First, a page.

Lydia Keith would love to be nursing but is tied to home, looking after her invalid mother, helping her father on his estate & involving herself in village war work such as her regular shifts at the local Canteen that provides meals to the many evacuee children billeted in the area. The novel gives a fascinating look at these early months of the War with the dubious delights of smelly evacuee children trading swear words with the village children & returning from weekend visits to their parents with lice.

My favourite character is the novelist, Laura Morland. Mrs Morland comes to stay with the Birketts while her house is loaned to London friends. She writes popular novels that have enabled her to put her four sons through school after she was widowed.  She cheerfully admits that her books are pretty much interchangeable & her conversation has a disconcerting habit of going off at tangents. She is friendly with Miss Hampton even though neither has read the other’s books. I loved her explanation of why she sometimes likes the books & not the author or vice versa. As Miss Hampton says, “You and I needn’t read each other’s books. We write for Our Public, not for our friends. Mercenaries, you and I. Must say though we work for our pay.”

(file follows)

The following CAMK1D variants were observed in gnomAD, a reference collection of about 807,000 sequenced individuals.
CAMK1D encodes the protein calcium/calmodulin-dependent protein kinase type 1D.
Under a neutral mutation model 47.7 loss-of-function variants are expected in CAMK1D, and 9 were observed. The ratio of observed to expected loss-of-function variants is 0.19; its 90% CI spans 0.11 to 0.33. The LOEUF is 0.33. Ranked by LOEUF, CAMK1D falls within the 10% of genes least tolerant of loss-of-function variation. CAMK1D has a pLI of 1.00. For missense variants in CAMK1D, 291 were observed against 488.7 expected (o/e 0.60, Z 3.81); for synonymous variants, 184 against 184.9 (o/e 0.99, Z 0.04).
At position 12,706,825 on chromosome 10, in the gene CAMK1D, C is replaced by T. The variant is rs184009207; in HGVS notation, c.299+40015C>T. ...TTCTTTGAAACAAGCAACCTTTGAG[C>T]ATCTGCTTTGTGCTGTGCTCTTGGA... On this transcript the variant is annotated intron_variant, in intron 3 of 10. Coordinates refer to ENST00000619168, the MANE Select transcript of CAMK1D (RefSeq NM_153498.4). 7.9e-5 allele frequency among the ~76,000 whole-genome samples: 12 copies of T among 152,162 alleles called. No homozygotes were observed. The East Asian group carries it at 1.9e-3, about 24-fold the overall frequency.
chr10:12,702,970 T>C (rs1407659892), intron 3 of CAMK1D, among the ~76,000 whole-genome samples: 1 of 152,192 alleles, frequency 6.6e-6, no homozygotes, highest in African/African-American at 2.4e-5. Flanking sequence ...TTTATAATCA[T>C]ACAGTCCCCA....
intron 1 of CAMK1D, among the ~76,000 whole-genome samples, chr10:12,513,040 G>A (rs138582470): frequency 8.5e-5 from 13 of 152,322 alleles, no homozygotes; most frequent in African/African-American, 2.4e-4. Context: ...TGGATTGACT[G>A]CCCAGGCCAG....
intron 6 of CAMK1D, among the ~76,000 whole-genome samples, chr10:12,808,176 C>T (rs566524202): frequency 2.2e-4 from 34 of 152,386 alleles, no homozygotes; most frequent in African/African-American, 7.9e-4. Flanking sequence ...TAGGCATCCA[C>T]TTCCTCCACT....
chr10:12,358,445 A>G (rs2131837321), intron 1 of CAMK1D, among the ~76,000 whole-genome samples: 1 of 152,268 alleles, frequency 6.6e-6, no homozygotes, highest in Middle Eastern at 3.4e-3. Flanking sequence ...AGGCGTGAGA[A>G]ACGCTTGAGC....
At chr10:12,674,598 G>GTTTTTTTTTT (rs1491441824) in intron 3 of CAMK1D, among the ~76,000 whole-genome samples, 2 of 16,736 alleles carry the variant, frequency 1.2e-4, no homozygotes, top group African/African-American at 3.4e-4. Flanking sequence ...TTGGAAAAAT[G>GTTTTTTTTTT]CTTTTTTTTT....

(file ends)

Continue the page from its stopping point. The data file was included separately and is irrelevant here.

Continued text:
As always in a Thirkell novel, there are at least a couple of engagements. The most touching story is that of Lydia Grant & Noel Merton, an older solicitor who has joined up & is doing something secretive in an office somewhere. Their relationship is a classic one of lost opportunities, diffidence & overheard snatches of conversation leading to misunderstandings. Lydia & Noel’s marriage leads to the poignant cliffhanger ending of the novel & I desperately want to read Northbridge Rectory, the next book in the series, so I can find out what happens.

Anglophilebooks.comThere’s a copy of Cheerfulness Breaks In, and many other books by Angela Thirkell, available at Anglophile Books.